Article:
So I have always been uncomfortable about this whole thing. I think you just have to say that it is possible, yes, but likelihood is very low, yes; just like yes, it is possible to win the lottery.

INTERVIEWER:

Right, right. But I think the thing that people are asking you, Eric, is do they need to do anything different? Do they need to be concerned in their sexual relationships? Do they need to be concerned when taking care of their children? That’s of course the bottom line about these questions.

DR. GORDON:

The bottom line is that we don’t know, and I think there’s probably a better chance that you can do more harm to your child by worrying about it than by doing it.

INTERVIEWER:

Well, there you go.

DR. GORDON:

And as far as relationship, it is the same thing. If you’re in a committed relationship, it’s not something I would worry about. If you are really worried then, get yourself tested! Because you have to remind people that most people who get Lyme can be treated relatively easily.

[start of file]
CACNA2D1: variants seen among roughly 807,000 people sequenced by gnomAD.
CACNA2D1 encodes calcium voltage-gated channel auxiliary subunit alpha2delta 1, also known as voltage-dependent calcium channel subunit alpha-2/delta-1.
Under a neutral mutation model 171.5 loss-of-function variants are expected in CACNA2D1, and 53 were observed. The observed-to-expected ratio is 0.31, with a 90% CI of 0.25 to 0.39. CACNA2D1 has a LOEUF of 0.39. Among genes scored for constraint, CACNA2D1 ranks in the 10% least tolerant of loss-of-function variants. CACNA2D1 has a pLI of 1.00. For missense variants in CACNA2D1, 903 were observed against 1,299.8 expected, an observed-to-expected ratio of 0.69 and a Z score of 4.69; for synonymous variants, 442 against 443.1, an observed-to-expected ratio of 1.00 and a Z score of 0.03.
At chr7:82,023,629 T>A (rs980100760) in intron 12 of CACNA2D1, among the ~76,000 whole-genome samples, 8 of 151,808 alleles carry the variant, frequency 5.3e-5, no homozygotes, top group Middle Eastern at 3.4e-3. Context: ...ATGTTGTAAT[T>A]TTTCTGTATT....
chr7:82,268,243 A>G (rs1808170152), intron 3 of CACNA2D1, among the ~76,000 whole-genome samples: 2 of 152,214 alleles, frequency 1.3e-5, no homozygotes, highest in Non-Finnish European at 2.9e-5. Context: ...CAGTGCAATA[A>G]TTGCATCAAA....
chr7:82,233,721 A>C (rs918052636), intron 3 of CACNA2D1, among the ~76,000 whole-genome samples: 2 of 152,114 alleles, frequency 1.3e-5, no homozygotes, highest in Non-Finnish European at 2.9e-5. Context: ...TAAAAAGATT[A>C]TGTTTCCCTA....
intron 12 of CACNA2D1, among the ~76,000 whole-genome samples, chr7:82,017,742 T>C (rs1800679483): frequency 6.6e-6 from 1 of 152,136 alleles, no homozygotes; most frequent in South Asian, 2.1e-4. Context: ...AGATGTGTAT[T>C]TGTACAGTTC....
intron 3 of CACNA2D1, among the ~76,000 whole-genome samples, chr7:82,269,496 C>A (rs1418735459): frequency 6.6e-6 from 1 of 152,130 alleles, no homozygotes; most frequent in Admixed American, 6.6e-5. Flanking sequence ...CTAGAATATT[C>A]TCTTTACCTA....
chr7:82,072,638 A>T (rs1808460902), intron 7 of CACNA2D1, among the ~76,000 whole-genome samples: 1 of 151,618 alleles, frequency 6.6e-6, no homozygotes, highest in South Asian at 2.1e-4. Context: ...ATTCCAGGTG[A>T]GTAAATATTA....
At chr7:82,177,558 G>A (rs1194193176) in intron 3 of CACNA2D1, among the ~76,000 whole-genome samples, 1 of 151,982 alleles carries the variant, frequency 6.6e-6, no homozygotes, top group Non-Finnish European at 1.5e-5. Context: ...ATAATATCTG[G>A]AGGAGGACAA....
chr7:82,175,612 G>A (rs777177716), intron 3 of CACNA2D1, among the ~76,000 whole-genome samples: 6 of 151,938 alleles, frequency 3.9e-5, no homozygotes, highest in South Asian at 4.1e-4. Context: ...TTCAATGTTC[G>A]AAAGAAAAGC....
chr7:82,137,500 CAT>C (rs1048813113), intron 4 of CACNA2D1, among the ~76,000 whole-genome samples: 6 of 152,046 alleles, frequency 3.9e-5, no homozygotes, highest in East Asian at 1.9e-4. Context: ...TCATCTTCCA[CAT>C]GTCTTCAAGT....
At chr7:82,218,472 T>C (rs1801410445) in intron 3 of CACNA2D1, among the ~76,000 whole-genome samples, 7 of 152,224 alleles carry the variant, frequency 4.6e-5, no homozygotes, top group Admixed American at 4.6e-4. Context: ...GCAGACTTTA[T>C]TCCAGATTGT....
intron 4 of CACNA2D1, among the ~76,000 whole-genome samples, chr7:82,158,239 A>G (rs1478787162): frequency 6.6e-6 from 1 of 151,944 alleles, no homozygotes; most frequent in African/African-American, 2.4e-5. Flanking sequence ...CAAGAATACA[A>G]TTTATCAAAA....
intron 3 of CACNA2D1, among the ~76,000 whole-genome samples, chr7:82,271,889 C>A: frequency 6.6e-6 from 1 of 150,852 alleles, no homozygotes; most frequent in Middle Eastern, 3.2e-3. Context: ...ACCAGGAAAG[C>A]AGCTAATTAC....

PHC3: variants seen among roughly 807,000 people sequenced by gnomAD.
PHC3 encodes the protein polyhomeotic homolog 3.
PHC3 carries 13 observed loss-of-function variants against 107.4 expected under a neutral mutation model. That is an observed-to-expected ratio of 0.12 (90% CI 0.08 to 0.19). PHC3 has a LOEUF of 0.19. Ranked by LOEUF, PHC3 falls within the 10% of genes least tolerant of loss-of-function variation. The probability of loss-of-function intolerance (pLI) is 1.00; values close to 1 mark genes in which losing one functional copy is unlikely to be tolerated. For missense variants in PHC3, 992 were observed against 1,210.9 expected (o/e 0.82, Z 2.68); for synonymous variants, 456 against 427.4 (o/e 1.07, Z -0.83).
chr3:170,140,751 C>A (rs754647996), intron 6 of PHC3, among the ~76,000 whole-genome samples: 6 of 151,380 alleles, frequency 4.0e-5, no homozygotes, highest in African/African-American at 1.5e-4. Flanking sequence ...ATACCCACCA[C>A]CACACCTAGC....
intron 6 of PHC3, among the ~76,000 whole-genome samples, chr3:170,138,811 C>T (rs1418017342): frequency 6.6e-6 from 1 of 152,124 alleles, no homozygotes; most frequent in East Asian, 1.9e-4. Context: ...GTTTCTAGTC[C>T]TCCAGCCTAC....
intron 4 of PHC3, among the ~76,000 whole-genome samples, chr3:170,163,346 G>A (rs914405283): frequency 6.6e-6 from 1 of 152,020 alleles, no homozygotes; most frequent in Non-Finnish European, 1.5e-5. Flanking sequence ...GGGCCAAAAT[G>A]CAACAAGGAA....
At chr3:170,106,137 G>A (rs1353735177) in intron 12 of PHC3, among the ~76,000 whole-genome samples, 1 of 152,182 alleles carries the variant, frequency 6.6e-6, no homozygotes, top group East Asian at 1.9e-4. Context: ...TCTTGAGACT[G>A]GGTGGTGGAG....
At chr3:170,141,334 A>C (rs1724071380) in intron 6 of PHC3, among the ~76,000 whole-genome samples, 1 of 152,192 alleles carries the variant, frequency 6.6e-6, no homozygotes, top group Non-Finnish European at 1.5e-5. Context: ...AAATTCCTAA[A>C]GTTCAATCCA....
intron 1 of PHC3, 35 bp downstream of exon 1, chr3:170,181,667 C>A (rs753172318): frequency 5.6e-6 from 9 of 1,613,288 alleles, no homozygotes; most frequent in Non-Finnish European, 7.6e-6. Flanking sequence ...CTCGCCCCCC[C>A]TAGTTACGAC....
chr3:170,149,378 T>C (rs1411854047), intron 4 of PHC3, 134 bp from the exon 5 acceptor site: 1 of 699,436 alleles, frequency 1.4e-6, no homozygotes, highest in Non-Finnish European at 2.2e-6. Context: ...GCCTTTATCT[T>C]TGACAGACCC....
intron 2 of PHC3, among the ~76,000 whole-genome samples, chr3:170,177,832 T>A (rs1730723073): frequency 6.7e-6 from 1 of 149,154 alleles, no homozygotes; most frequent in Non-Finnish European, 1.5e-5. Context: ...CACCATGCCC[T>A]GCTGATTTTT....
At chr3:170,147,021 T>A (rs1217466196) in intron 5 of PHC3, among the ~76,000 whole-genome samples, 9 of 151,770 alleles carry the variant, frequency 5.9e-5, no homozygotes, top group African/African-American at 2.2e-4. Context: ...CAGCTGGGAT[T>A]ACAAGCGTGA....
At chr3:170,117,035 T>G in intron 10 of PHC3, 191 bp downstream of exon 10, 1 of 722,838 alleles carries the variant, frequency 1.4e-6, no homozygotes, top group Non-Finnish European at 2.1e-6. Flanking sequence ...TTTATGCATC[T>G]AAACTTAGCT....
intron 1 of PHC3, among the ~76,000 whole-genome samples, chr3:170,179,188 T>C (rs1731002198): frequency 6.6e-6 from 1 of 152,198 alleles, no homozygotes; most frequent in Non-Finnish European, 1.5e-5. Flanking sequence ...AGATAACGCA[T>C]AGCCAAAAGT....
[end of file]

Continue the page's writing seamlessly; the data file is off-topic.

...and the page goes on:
They’re not all going to be chronically infected. The IDSA is not all wrong.

INTERVIEWER:

So talk a little bit more about that, Eric…

DR. GORDON:

Back to my statement—my basic statement to the world is that the reason we’re in this terrible political battle is because the IDSA (Infectious Disease Society of America) people really do see folks respond to short-term antibiotics, and get well, and they don’t go on to get recurrent illness. I forget…. The rate in Connecticut is like, what, 10% or 15% of the people have had Lyme disease?

INTERVIEWER:

Yes, something like that.

DR. GORDON:

It’s some huge number, and they are not all having chronic joint pain and brain fog and difficulty functioning.

INTERVIEWER:

Right. Ten percent of their population is not disabled.

DR. GORDON: